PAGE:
When 5S is not enough: Aikon AK32 35A BLHeli_32
The Aikon AK32 35A BLHeli_32 is slightly highly-priced amongst its competitors. It has been included in this list because of its formidable reliability. It can be quite disappointing when a 4-in-1 ESC gets damaged and you have to get a new one just because one-fourth of it died out. The Aikon AK32 is simply formidable especially when you are running 6S which demands a lot from most of the ESCs.
The ESC is priced higher than the Bardwell ESC but it offers more features for the best FPV antennas. It comes with a 2A 5V regulator and supports both analog current sensing and ESC telemetry and it is rated for 35A.
Motors for 4S
A dedicated website for motors would be a brilliant idea. But here is yet another great website. If you want detailed information about motor specifications such as size, Kv etc. do not forget to check out this comprehensive interview with Ryan Harrell. Let’s cut to the chase and present you a few recommendations.
Cheapest Worth Having: DYS Samguk Series
Power and performance are packed in tons in this contraption named as Samguk by DYS which is a magnificent option for those looking to save some money. The broad array of motors available in this series is the best thing about this product. You can get a size and kv rating for virtually any application that you can think of. There are certain catches that you will have to live with due the manufacturer’s attempt to keep the cost down but if you are a rookie, you will be quite excited by the minimal amount of expenses incurred in replacing damaged parts in case of a crash.
The 2207 / 2600kv variant is my personal favorite as it gives a bit more top end with slightly less linearity in the thrust curve. This means that when the pilot hits the throttle, motors pop which is a cool feature for freestyle flight adventures. If the 2600kv rating is paired with a belligerent kind of propeller, your batteries are likely to be run out of juice sooner rather than later so if you are looking for enhanced flight time or a more belligerent propeller selection, then you may consider the 2306 / 2500kv version.
Durability and quality control are a couple of areas where these motors flatter to deceive. In contrast to the better quality bearings used in expensive motors, bearings get worn out quicker. There are even a few motors that come with rough bearings even from the factory. The fact that these motors are readily available and are quite affordable, these motors are preferred by most of the pilots. As a matter of fact, one can purchase five or six of the Samguk series for the cost of four high end motors.
Light. Efficient. Economical: RaceDayQuads Badass 2205 2450kv
The OEM variant of the BrotherHobby R2 which is typically hard to find, uses 7075 aluminum for enhanced reliability and boasts an open bottom design to shed a few ounces.
This is by no means a motor that will blow everything that comes its way. But if you are a newbie, you will probably be quite satisfied with this badass product. The motor performs exceptionally well on lighter builds, where its efficiency can provide 6 to 7 minute flight time. And we are discussing real quad racing here. When it comes to heavier builds, the motor will have its speed and power tested but it still is a pretty decent choice for novices who are likely to get the machines crashing into the ground every now and then.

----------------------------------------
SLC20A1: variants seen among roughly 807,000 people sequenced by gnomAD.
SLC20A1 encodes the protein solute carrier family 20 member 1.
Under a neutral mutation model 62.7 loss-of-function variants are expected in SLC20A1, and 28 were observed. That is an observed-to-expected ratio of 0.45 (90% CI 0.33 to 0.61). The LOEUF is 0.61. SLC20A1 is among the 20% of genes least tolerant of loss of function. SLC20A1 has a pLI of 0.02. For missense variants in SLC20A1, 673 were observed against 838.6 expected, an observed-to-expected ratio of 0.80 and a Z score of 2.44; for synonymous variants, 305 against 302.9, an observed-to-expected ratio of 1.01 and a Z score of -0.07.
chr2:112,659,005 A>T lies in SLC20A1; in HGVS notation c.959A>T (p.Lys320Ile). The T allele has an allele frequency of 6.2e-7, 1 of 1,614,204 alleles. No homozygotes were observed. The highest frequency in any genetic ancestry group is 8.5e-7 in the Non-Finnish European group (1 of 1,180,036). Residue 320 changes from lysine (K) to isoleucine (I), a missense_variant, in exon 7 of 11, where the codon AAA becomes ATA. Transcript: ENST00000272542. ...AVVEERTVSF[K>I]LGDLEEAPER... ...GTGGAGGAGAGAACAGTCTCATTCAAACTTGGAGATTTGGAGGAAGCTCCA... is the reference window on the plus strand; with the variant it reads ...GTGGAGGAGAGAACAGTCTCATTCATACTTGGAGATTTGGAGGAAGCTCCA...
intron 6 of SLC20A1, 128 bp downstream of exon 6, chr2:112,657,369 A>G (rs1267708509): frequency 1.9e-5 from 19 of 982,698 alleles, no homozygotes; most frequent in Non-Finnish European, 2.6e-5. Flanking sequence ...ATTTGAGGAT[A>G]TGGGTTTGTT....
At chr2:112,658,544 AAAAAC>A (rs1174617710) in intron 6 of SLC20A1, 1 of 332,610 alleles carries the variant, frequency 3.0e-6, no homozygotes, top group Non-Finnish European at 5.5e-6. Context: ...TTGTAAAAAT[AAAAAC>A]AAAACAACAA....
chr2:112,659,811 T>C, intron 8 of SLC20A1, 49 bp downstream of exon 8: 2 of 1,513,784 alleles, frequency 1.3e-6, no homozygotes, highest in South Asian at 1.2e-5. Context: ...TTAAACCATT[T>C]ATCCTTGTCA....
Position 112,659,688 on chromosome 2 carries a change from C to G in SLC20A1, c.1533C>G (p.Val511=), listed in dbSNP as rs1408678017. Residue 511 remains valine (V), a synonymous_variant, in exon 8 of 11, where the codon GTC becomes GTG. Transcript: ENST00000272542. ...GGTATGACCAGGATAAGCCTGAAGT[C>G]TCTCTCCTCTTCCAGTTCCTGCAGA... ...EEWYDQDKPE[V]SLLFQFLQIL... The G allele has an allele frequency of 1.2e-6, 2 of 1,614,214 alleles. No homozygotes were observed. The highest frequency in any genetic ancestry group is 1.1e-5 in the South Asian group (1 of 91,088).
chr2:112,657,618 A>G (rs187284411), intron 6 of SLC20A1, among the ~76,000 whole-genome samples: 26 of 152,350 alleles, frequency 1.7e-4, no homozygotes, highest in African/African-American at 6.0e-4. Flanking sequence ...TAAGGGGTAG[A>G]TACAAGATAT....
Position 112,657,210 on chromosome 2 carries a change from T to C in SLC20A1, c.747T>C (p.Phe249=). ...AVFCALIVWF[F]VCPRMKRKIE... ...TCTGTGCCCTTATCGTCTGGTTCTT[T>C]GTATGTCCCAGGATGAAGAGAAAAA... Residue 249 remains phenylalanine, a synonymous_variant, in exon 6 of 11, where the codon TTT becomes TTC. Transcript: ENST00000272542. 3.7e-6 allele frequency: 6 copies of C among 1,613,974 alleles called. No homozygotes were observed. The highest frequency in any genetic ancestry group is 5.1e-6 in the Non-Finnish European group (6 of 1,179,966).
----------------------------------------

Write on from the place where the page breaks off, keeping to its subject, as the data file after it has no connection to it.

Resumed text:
Nevertheless, do not assume that this motor is slow. Here is a Quest FPV engaged in a race if you are skeptical about this motor’s performance.
Mid-Price Racing Motor: 3BHobby 2207/2650 Kv
All motors available out there seem to be either placed at higher end of the price spectrum or at the lower end. 3BHobby, however, is one of the few developers who intend to come up with products primarily designed for the middle range. Their motors perform efficiently, boast features and build quality that is typically associated with higher end motors and cost around $20. The hollow titanium alloy shaft is the key feature of the 3B 2207 Pro motor which plays a crucial role in reducing weight and bolstering strength. The motor employs 7075 aluminum which is harder and more long lasting than the softer 60XX alloy which is traditionally used in lower cost motors.
The 3BHobby 2207 / 2650kv is placed at the middle of the price spectrum since 2207 is preferred by a vast majority of drone racers and racers do not get freaked out of battery consuming 2650kv rating. Ensure that you pair it with the lightweight quadcopter or your batteries will run out of juice in no time. You may go for the 2400kv variant for slightly lesser speed and a bit less current draw.
Top of the line 4S Racing: T-Motor F60 Pro III 2500kv
Here’s an interesting video which shows a few blokes building a 500lb chainsaw out of a V8 engine. That is exactly what I thought of this motor at the outset: an innovative device but too big and puts lots of burden on the batteries. But when I observed that leading racers preferred this motor and were producing positive results, then I thought, well, let’s go with the flow!
This motor is absolutely ridiculous! It created 1700 grams of thrust on the T-Motor 5150 prop. The compromise is that the quadcopter has to be customized in accordance with the motor or the battery will fail you big time. Light weight is the key here along with meticulous propeller selection and a high end C-rating battery.